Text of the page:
GIS is a power tool for collecting, storing, transforming the spatial information and arriving decision from the real world for particular set of purpose in real time, where the stored information are geo-references (or) geo- coded. In this project the water quality is analyzed using GIS and mapped. A geographic information system may be defined as an integrated system designed to collect, manage and manipulate information in a spatial context. The geographic component, the various technologies involved and the approach to information modelling set GIS apart from other types of

    information systems. A geographic information system provides an abstract model of the real world, stored and maintained in a computerized system of files and database in such a way as to facilitate recording, management, analysis and reporting of information. It can be more broadly stated that a geographic information system consists of a set of

    software, hardware, processes and organization that integrates the value of spatial data.

    The four functions of GIS are:

    1. Data acquisition and pre-processing

    2. Data management, storage and retrieval

    3. Manipulation and analysis

      Table 2: chemical analysis and statistical parameters of groundwater samples collected from the study area

      SAM PLE NO

      DISTANCE FROM SOURCE

      ALKA LINIT Y

      (mg/L)

      HARDNESS

      (mg/L)

      CHLORIDE

      (mg/L)

      IRON

      (mg/L)

      pH

      SULPHATE

      (mg/L)

      1

      500 m, E

      30

      438

      84.97

      BDL

      8

      85.82

      2

      750 m, E

      10

      106

      119.96

      BDL

      8

      85.42

      3

      500 m, N

      10

      94

      70.478

      .205

      8

      134

      4

      200 m, N

      10

      50

      21

      BDL

      8

      93

      5

      50 m, W

      8

      556

      282.91

      BDL

      8

      38.8

      6

      70 m, W

      12

      500

      216.93

      5.862

      2

      206

      7

      200 m, W

      18

      128

      119

      0.221

      8

      346

      8

      500 m, W

      10

      40

      41

      0.23

      8

      68.3

      9

      400 m, W

      34

      325

      42.98

      0.25

      8

      112.8

      10

      500 m, W

      42

      320

      47.48

      0.329

      8

      86.8

      11

      600 m, W

      60

      334

      50.48

      0.898

      8.5

      84.6

      12

      750 m, W

      38

      326

      31

      0.578

      8

      78.8

      13

      750 m, W

      8

      74

      40.98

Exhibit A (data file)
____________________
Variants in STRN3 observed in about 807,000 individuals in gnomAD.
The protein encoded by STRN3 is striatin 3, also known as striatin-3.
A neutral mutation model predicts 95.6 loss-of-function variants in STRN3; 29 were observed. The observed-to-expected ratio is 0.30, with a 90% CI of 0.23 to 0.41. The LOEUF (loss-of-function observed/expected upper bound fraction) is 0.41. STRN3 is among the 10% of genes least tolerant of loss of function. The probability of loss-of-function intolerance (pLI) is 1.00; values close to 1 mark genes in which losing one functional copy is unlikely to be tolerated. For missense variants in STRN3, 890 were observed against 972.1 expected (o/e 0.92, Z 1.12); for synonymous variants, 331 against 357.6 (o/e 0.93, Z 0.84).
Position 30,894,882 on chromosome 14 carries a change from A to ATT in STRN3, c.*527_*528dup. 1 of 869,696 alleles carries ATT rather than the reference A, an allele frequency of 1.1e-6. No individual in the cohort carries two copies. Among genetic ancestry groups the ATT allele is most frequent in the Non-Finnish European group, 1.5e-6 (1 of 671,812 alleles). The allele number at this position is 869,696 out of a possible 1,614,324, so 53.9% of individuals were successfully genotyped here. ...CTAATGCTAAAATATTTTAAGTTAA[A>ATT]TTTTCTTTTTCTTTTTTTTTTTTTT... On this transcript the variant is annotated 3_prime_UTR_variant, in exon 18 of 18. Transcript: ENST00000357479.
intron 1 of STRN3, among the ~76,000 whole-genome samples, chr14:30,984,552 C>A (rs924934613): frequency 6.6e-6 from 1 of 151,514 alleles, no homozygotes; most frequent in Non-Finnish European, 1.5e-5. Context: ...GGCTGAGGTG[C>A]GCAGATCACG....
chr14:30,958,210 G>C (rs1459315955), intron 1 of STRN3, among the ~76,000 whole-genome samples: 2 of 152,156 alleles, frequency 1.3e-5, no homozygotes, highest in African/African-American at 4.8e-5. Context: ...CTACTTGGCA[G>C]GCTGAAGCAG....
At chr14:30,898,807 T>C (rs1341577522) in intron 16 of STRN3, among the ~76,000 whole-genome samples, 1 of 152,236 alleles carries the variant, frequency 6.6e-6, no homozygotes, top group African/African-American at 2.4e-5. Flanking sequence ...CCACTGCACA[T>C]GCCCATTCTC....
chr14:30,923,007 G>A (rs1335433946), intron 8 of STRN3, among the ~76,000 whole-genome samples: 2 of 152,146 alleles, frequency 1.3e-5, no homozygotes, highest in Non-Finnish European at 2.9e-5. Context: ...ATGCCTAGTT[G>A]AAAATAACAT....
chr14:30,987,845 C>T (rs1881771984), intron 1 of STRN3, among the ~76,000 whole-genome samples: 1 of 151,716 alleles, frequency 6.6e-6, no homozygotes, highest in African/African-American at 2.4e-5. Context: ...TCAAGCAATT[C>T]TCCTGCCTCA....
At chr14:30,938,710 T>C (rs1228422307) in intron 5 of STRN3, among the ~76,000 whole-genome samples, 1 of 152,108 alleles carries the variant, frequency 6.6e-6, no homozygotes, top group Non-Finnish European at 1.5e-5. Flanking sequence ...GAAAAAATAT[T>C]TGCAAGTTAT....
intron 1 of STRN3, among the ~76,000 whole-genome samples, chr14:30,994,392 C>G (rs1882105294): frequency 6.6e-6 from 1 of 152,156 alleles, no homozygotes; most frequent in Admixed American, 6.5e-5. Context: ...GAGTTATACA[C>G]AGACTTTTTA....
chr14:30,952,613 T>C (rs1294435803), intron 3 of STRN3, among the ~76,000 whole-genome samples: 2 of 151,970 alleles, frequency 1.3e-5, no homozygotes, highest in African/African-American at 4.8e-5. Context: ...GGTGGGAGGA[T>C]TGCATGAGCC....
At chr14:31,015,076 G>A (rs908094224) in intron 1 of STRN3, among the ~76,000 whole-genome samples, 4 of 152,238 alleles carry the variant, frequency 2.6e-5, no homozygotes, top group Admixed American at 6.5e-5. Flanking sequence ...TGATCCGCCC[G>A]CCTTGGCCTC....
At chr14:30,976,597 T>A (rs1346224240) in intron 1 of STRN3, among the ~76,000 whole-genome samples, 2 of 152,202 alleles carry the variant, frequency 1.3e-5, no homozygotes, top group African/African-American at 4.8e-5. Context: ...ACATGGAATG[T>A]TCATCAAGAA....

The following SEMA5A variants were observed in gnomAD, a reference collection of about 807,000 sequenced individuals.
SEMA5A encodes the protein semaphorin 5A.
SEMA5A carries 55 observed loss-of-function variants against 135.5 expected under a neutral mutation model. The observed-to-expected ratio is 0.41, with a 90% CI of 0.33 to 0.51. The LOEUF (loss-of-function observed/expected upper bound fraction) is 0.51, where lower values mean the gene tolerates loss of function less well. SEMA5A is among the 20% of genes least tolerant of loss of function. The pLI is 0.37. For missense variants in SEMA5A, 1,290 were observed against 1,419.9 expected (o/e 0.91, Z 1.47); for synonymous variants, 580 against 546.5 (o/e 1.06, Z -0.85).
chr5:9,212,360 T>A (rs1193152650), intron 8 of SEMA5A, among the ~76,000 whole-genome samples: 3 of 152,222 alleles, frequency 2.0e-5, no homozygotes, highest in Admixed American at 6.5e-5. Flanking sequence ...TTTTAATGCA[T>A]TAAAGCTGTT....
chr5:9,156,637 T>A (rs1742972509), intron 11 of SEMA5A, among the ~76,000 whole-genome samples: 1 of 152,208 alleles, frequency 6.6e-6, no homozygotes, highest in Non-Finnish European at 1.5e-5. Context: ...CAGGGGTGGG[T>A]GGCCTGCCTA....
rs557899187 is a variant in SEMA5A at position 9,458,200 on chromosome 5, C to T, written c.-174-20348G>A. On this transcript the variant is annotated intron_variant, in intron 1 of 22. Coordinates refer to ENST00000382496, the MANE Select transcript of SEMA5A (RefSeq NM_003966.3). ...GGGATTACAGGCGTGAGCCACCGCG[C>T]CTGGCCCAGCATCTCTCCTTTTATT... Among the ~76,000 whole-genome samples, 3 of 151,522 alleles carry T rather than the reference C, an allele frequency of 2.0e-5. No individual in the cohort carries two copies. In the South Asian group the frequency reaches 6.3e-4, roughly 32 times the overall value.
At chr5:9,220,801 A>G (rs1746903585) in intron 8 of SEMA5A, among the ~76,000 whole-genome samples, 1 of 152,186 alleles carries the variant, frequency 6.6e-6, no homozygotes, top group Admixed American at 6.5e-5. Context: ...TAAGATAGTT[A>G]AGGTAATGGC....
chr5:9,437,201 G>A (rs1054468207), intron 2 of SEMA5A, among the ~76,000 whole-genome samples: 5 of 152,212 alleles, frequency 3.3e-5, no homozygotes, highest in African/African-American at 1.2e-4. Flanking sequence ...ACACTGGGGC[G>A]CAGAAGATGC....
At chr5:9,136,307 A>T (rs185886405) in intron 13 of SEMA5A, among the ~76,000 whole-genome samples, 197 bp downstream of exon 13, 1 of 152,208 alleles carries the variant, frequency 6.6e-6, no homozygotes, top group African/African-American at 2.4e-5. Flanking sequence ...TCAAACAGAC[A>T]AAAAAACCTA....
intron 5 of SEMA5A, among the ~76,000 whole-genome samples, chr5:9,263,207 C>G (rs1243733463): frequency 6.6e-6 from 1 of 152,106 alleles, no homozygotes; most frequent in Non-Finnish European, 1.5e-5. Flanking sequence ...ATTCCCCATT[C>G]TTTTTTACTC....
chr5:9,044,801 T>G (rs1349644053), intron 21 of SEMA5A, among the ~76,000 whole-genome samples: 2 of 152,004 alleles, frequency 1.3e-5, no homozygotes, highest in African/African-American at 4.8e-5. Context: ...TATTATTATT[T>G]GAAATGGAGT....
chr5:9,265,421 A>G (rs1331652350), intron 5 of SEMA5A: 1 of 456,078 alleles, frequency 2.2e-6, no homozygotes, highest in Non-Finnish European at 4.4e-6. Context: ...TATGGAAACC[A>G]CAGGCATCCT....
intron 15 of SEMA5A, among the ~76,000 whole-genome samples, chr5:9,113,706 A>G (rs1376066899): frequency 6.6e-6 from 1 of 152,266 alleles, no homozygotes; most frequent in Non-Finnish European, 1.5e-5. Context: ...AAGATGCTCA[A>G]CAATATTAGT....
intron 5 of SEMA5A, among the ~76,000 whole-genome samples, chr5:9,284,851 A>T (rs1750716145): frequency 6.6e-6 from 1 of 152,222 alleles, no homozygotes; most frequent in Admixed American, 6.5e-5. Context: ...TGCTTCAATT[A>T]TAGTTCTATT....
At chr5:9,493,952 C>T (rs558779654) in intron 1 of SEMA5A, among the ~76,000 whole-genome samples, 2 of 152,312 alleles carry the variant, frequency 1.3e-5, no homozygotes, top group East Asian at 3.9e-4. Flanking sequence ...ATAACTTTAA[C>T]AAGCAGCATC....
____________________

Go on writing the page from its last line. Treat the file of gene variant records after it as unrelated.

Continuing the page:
0.339

      7

      35.8

      14

      289 m, SE

      214

      212

      35.5

      BDL

      7.5

      85.3

      15

      159 m, SE

      168

      236

      42.6

      0.35

      7

      86.7

      16

      319 m, NW

      16

      72

      60.4

      0.03

      5

      89

      17

      53 m, NE

      160

      236

      49.7

      0.06

      7

      114.4

      18

      98 m, NW

      54

      400

      159

      0.05

      7

      143

      19

      885 m, SW

      246

      350

      213

      0.010

      7

      133

      20

      887 m,W

      210

      250

      32

      0.03

      7

      35.8

    4. PRODUCT GENERATION

    GIS has the power of organizing effective Social Information System (SIS) towards decision- making or resource management. The spatial information system comprises synthesis of spatial formation and non- spatial data within GIS framework. The GIS aims and works at bringing together, the diverse information, which are gathered from various different sources. Hence, this is also known as integrated analysis. Similar studies were conducted using GIS for Coonoor Taluk in Nilgiri District as per the journal Study ofGround water Quality with GIS Application for Coonoor Taluk in Nlgiri District. Quantum GIS (QGIS) is one of the widely used open Geographic Information System across the world. It was developed in the year 2002 with an objective to make the GIS software viable for anyone which is traditionally expensive. QGIS aim to an easy use of GIS, providing common functions and features that are available in the most proprietary GIS software. QGIS supports a number of GIS vector and raster data formats.

  4. RESULTS AND DISCUSSION

    In table 2 chemical analysis and stability parameters are tabulated.

      1. ALKALINITY

        Fig. 2: Spatial variation map of Alkalinity

        Alkalinity is the measure of capacity of the water to neutralize a strong acid. Permissible limit of alkalinity is 200 mg/L as per WHO standards. In most of the wells the alkalinity is less than 200 mg/L. High alkalinity in water bodies leads to sour taste and salinity.

        Spatial variation map for alkalinity has been obtained by QGIS and presented in Fig. 1.

      2. CHLORIDE

        Fig. 2: Spatial variation map of Chloride